Les trois villes (Lourdes / Rome / Paris)

1894126 x 187 mm


3 000 

1 in stock


FIRST EDITIONS of the Three townswhich Émile Zola devoted himself to after Les Rougon-Macquart.
Current prints, unmarked.

SIGNED AUTOGRAPH LETTERS on the last two volumes, Rome and Paristo Édouard Béliard, an Impressionist painter and close friend of Zola, who inspired the character of Gagnière (The Work).

to Edouard Béliard
his friend
Emile Zola

to Ed. Béliard
his friend
Emile Zola

A true "illustrious unknown", Béliard, of whom only around fifteen paintings can be found today, nevertheless took part in the first two Impressionist Salons, exhibiting 4 and then 8 paintings. Close to Monet, Renoir and Degas, and even more so to Cézanne and Pissarro, Béliard moved in the same circles as Zola: both served as witnesses to Marie-Louise Monnier when she married the writer, collector and art critic Paul Alexis (Le Figaro24 August 1888). Later, Béliard welcomed Zola to Pontoise, ensuring his link with the painters of the new generation. Henri Mitterand points out:

Zola went to school with painters, and not just any painters. [...] This apprenticeship has no equivalent among sociologists, at least those of his time, who lacked this almost professional complicity with artists." (II, p. 120)

Zola encouraged Béliard in his artistic ambitions, but criticised his lack of daring. In his 1876 "Salon" for The Messenger of EuropeZola described his friend as :

"a landscape painter whose distinctive trait is meticulousness. One senses in him the diligent copyist of nature. Having studied it in depth, he has acquired a great solidity of workmanship which makes each of his paintings an erudite and textual translation of nature. [...] The only fault I find with him is his lack of originality. I would like an inner flame to consume his scruples, even if that fire were to blaze at the expense of accuracy."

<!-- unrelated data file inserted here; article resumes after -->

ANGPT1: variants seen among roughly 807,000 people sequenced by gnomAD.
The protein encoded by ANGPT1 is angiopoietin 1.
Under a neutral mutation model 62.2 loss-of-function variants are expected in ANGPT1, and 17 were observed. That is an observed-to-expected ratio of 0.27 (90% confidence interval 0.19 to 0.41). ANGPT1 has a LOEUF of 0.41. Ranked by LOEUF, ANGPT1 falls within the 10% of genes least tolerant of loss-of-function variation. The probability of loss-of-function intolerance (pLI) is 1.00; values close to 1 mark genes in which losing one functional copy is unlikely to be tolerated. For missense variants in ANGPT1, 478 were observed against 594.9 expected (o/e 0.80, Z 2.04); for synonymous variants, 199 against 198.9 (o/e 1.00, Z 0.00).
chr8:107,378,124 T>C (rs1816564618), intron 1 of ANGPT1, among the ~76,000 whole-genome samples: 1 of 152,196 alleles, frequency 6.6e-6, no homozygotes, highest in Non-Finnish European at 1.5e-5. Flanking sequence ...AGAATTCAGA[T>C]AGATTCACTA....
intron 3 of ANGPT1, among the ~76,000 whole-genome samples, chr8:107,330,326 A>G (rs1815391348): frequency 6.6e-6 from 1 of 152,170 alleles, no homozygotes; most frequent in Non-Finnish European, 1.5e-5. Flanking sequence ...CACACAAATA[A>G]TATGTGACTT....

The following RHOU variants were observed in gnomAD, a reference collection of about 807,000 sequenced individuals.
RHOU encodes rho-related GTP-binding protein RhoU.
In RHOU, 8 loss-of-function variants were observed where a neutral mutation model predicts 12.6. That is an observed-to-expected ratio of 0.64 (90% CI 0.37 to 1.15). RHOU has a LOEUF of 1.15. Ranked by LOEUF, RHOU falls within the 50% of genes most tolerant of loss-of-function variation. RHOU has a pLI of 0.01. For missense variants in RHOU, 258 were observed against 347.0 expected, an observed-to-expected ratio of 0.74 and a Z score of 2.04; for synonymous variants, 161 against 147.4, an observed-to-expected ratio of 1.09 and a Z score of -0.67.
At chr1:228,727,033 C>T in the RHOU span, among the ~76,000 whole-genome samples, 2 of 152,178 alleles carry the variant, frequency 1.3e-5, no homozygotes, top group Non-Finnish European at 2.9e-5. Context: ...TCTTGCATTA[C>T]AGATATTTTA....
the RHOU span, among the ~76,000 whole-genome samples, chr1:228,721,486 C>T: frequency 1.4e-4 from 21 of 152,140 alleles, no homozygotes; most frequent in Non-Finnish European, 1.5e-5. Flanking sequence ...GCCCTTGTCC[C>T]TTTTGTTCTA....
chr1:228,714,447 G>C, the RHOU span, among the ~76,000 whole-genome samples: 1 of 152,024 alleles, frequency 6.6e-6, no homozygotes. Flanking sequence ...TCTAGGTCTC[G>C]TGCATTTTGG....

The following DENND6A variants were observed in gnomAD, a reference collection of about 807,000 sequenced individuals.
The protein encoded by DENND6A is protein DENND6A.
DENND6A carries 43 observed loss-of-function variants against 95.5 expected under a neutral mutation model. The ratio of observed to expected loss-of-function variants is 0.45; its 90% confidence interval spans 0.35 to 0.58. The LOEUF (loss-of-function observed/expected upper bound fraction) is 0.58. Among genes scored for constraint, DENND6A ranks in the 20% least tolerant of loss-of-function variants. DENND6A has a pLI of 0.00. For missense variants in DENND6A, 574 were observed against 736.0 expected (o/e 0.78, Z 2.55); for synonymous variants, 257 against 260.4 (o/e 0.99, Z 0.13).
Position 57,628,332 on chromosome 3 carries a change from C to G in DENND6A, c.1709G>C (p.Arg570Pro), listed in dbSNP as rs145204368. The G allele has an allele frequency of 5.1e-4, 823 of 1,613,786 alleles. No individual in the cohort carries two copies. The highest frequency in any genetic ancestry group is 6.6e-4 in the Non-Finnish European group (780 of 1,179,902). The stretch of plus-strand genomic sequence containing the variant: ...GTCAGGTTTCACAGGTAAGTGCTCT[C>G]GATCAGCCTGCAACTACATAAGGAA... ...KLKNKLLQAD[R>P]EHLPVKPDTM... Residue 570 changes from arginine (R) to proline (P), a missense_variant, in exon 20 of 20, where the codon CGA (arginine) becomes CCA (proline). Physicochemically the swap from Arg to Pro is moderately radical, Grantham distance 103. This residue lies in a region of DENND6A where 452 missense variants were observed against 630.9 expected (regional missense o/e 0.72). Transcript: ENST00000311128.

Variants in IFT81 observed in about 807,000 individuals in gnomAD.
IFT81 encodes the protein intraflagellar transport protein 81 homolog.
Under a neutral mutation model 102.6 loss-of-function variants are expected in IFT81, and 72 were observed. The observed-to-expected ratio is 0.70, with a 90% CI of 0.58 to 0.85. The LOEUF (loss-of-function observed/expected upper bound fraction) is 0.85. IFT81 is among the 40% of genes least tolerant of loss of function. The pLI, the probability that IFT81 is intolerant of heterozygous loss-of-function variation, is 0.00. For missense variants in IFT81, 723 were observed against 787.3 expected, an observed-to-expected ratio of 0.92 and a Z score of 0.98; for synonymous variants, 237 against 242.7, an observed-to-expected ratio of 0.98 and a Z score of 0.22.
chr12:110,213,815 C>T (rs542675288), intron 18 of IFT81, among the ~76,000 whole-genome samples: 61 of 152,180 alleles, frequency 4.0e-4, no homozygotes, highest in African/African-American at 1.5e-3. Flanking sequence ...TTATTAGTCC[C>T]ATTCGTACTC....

Béliard can easily be identified as Gagnière's model (The Work), a dreamy, music-loving painter who exhibited at the Salon des Refusés.

"a pearly grey landscape, a carefully painted bank of the Seine, pretty in tone if a little heavy, and perfectly balanced, without any revolutionary brutality." (p. 156)

Despite these jabs (and a profound disagreement over Proudhon's theories on art), Zola reproached Béliard for having given up painting to devote himself to politics.

Nevertheless, the two men remained loyal friends. When Béliard was elected mayor of Etampes (a position he held from 1892 to 1900), he chaired a public meeting in defence of Dreyfus, despite the crowd chanting "Down with Zola!


Paris,Carpenter,1896 ; 1898.3in-12,126 x 187 mm,[2] ff. - 598 pp. + [2] ff. - 751 pp. + [2] ff. - 608 pp.

Bound in contemporary brown (Lourdes) and green (Paris, Rome) half morocco, spine ribbed and decorated with gold framing, gilt titles, gilt fillet on covers. Covers preserved without the spine. Spine faded, some rubbing. Paper browned.


Emile Zola

(Paris: April 2, 1840 - September 29, 1902)

See The Works